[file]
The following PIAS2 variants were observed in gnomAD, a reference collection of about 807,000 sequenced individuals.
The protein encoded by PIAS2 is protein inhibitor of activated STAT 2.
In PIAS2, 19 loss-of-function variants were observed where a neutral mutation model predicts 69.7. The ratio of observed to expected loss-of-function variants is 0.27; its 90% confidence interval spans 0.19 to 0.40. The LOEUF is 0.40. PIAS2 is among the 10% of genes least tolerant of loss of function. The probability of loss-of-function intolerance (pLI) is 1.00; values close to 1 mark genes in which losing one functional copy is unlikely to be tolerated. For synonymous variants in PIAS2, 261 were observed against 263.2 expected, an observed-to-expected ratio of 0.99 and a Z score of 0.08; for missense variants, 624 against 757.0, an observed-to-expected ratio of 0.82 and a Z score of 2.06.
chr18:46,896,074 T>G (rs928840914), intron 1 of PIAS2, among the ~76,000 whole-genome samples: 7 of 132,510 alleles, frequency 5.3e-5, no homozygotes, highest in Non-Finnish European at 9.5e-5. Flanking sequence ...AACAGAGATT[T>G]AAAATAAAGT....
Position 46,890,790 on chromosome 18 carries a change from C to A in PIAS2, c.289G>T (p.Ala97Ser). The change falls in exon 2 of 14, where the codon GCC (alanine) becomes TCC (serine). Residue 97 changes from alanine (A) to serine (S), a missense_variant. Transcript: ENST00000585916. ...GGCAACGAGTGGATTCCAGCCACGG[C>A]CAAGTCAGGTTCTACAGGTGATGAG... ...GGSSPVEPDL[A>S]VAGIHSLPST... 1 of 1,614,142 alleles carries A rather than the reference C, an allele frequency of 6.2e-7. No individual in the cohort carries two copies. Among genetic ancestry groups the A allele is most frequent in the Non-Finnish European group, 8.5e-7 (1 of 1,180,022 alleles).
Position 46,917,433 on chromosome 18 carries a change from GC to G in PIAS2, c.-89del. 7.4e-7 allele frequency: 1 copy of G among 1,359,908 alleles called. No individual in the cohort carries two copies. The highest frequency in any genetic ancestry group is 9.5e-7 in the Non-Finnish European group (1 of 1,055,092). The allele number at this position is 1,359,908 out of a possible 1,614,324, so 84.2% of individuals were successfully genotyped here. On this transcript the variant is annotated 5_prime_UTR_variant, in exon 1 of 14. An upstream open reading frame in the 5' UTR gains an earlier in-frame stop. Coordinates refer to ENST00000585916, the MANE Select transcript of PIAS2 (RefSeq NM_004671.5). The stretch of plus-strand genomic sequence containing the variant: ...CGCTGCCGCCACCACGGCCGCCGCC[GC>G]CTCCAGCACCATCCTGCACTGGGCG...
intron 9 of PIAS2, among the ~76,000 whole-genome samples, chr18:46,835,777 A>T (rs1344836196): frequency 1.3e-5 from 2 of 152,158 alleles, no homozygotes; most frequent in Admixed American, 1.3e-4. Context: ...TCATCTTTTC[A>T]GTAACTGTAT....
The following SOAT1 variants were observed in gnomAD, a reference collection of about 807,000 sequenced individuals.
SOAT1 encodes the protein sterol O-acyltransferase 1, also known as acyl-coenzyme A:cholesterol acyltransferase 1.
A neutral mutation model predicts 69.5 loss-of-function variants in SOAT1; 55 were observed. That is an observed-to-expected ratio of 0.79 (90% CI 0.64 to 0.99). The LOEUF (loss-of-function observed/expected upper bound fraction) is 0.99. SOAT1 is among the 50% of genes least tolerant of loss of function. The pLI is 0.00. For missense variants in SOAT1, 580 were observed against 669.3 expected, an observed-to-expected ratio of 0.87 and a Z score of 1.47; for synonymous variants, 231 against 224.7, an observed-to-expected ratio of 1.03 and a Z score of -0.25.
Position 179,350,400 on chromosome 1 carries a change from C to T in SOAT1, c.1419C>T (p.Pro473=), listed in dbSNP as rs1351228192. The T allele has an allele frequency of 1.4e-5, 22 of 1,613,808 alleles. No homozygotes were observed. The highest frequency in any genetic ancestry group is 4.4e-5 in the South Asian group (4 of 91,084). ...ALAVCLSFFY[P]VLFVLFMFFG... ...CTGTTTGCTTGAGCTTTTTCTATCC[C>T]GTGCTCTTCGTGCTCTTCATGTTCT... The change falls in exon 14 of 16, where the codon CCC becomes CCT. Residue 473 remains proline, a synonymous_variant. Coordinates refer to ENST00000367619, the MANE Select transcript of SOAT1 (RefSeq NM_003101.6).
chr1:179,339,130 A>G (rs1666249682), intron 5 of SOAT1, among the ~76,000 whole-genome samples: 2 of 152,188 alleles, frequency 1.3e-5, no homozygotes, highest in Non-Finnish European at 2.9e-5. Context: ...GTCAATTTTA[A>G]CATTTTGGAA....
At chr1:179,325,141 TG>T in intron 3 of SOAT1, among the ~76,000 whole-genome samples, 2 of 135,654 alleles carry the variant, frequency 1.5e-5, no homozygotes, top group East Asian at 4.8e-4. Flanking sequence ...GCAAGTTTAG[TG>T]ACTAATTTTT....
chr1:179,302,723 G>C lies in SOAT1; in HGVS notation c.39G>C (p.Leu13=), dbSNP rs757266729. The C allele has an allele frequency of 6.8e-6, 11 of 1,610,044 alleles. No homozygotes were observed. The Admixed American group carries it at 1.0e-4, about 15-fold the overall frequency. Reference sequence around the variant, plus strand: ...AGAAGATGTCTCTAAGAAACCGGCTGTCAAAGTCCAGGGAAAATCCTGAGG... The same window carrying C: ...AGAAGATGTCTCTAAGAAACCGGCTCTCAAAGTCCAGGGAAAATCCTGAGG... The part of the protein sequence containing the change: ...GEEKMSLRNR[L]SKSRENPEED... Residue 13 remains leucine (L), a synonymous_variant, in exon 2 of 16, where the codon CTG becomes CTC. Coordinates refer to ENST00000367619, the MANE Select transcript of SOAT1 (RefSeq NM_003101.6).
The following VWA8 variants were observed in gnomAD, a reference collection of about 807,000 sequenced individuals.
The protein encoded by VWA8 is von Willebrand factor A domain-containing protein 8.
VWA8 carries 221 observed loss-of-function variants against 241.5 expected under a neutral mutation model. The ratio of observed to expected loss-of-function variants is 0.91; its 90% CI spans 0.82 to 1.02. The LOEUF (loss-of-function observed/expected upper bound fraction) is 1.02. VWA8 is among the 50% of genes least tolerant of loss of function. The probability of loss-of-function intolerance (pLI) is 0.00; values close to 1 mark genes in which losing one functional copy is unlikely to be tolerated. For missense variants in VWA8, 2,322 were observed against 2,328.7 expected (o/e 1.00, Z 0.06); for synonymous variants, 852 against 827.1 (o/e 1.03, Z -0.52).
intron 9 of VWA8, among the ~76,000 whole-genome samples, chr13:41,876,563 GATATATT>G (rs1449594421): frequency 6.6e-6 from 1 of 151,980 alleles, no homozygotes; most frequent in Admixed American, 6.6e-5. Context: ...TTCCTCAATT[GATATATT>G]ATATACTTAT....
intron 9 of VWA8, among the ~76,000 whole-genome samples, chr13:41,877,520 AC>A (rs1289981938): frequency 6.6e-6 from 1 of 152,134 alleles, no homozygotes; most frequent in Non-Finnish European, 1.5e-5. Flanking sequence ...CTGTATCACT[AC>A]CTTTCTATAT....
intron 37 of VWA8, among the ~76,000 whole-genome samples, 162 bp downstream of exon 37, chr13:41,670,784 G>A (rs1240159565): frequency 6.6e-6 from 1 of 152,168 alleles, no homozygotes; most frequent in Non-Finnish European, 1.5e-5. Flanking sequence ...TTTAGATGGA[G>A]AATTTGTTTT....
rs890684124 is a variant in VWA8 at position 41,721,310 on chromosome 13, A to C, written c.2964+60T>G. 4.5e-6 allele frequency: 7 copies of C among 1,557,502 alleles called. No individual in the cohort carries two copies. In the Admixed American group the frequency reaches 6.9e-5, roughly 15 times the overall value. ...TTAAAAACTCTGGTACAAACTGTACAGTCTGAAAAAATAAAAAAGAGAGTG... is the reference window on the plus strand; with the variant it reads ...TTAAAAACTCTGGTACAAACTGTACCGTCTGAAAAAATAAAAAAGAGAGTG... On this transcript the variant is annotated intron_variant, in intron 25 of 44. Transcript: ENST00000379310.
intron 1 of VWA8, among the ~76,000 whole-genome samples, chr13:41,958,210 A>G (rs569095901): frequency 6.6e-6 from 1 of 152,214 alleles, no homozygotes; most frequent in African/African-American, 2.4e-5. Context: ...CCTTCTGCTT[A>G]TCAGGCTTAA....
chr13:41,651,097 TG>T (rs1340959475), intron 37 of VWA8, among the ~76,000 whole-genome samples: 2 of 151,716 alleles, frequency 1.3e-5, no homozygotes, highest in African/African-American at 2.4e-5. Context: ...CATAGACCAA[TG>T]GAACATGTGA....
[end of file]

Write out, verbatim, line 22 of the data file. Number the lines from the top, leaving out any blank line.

intron 1 of VWA8, among the ~76,000 whole-genome samples, chr13:41,958,210 A>G (rs569095901): frequency 6.6e-6 from 1 of 152,214 alleles, no homozygotes; most frequent in African/African-American, 2.4e-5. Context: ...CCTTCTGCTT[A>G]TCAGGCTTAA....